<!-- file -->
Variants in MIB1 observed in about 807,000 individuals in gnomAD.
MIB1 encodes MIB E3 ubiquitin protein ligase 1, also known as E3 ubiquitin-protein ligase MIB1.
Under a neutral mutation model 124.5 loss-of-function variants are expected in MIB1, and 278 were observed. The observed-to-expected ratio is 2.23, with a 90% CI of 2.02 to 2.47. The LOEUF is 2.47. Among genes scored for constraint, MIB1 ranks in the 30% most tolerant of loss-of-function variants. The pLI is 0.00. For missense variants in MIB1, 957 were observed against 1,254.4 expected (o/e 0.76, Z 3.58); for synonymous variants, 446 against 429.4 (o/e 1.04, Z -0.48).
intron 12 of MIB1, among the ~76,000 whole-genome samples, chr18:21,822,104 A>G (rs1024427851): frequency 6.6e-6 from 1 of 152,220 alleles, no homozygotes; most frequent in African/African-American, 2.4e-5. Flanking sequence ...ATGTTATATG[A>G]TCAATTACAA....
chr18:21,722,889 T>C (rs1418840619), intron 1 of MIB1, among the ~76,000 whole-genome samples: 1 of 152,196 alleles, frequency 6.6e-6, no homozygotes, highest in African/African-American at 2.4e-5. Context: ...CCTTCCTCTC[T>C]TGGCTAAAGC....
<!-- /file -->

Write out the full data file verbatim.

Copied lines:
Variants in MIB1 observed in about 807,000 individuals in gnomAD.
MIB1 encodes MIB E3 ubiquitin protein ligase 1, also known as E3 ubiquitin-protein ligase MIB1.
Under a neutral mutation model 124.5 loss-of-function variants are expected in MIB1, and 278 were observed. The observed-to-expected ratio is 2.23, with a 90% CI of 2.02 to 2.47. The LOEUF is 2.47. Among genes scored for constraint, MIB1 ranks in the 30% most tolerant of loss-of-function variants. The pLI is 0.00. For missense variants in MIB1, 957 were observed against 1,254.4 expected (o/e 0.76, Z 3.58); for synonymous variants, 446 against 429.4 (o/e 1.04, Z -0.48).
intron 12 of MIB1, among the ~76,000 whole-genome samples, chr18:21,822,104 A>G (rs1024427851): frequency 6.6e-6 from 1 of 152,220 alleles, no homozygotes; most frequent in African/African-American, 2.4e-5. Flanking sequence ...ATGTTATATG[A>G]TCAATTACAA....
chr18:21,722,889 T>C (rs1418840619), intron 1 of MIB1, among the ~76,000 whole-genome samples: 1 of 152,196 alleles, frequency 6.6e-6, no homozygotes, highest in African/African-American at 2.4e-5. Context: ...CCTTCCTCTC[T>C]TGGCTAAAGC....